El coste de uso del capital en la explicación del boom de la inversión europea de posguerra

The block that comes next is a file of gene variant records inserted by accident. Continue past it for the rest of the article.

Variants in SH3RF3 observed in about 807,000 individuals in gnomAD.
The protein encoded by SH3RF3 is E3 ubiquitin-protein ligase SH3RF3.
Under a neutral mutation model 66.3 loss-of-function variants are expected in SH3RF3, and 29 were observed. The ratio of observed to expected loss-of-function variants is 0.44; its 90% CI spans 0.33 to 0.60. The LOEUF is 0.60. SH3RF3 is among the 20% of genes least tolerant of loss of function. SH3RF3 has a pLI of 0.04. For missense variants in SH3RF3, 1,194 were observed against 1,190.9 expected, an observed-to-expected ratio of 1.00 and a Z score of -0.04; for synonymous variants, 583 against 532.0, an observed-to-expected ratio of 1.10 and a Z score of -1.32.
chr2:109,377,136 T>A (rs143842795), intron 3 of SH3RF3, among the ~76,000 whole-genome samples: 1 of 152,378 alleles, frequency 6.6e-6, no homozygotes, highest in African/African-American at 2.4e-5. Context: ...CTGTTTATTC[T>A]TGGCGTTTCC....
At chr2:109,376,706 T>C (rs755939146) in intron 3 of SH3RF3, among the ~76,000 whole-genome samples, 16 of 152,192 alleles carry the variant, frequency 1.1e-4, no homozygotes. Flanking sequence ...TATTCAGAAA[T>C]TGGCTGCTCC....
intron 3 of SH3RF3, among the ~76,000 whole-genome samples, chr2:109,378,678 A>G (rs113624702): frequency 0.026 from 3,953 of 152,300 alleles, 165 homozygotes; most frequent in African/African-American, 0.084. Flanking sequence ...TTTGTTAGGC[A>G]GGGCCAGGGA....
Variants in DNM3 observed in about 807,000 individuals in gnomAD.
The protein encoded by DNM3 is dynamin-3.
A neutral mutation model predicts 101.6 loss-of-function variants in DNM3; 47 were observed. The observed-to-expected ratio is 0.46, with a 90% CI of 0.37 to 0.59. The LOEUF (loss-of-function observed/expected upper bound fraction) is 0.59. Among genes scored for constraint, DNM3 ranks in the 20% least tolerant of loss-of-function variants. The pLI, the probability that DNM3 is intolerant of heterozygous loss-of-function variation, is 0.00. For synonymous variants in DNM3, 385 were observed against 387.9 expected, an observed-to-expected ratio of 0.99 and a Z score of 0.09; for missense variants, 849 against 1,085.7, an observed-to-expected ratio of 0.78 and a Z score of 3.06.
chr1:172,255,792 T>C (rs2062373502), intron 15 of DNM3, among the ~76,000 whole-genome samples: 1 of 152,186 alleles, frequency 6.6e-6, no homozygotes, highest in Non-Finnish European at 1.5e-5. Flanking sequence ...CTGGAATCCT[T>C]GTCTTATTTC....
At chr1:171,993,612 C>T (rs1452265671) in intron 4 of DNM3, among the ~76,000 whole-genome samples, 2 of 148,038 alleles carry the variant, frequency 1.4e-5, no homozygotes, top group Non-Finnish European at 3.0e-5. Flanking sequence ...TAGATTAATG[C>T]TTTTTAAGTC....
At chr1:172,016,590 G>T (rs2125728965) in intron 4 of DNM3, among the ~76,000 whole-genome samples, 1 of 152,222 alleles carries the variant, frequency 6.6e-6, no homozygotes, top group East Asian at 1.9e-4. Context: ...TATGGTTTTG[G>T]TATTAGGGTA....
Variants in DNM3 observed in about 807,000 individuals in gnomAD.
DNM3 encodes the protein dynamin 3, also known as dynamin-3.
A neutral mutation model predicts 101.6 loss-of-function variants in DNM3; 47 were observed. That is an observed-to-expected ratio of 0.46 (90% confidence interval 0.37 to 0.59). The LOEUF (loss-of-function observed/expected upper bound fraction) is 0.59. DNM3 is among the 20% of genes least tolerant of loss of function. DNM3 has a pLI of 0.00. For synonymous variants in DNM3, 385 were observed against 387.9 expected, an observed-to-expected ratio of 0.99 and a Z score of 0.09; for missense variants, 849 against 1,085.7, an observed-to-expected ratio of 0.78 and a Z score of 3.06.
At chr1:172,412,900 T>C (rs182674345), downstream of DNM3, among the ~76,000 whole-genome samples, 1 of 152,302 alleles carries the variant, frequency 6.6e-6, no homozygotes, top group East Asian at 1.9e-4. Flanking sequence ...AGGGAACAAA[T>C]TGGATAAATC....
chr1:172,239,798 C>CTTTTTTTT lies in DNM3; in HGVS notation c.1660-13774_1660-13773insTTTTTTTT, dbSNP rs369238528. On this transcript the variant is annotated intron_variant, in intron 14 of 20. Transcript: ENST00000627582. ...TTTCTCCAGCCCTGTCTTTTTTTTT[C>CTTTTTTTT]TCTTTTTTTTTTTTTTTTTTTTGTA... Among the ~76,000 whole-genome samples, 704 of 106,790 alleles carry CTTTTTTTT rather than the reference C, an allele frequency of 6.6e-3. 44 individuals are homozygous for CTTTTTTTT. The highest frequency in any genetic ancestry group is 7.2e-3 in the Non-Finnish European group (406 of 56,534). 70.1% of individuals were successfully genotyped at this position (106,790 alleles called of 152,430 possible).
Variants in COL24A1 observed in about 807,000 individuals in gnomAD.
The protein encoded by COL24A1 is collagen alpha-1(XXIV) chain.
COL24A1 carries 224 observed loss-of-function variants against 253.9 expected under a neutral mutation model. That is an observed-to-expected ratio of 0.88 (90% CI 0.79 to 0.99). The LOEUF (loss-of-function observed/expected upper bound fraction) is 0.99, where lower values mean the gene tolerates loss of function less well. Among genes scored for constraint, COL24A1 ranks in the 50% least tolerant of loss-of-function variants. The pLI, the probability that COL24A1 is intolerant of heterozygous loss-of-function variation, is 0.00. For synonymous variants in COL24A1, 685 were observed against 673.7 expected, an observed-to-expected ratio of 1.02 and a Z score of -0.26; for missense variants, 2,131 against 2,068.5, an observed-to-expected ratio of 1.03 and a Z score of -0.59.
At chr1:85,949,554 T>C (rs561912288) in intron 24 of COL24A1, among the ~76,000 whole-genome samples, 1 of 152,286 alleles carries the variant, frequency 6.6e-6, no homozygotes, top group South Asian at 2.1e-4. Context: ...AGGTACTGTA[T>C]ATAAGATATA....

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Post-war Europe provides an opportunity to study the importance of relative prices of capital, and the user cost of capital in particular, in explaining the convergence in investment rates between countries of similar "social capabilities" and income levels. After Second World War, at time as a new international order was established, European countries experienced a rapid process of income growth and convergence. In the interpretation of this process a prominent role has been attributed to technological progress and "catch-up" to the technological leader, the United States. Investment decisions are the way for embodying new technological progress, but investment takes place only when incentive exists. Among these incentives, recent empirical literature on economic growth highlights the role of relative prices of capital in explaining differences in investment rates and income growth between countries with very different income levels. But when we reduce the sample to countries closed in income levels and "social capabilities", we can demonstrate that, although the relative cost of capital converged over time and could help to explain income convergence, other factors were more significant in explaining the increase in investment rates. More important than the user cost of capital in the investment decision, was general prosperity caused by the demand increase.
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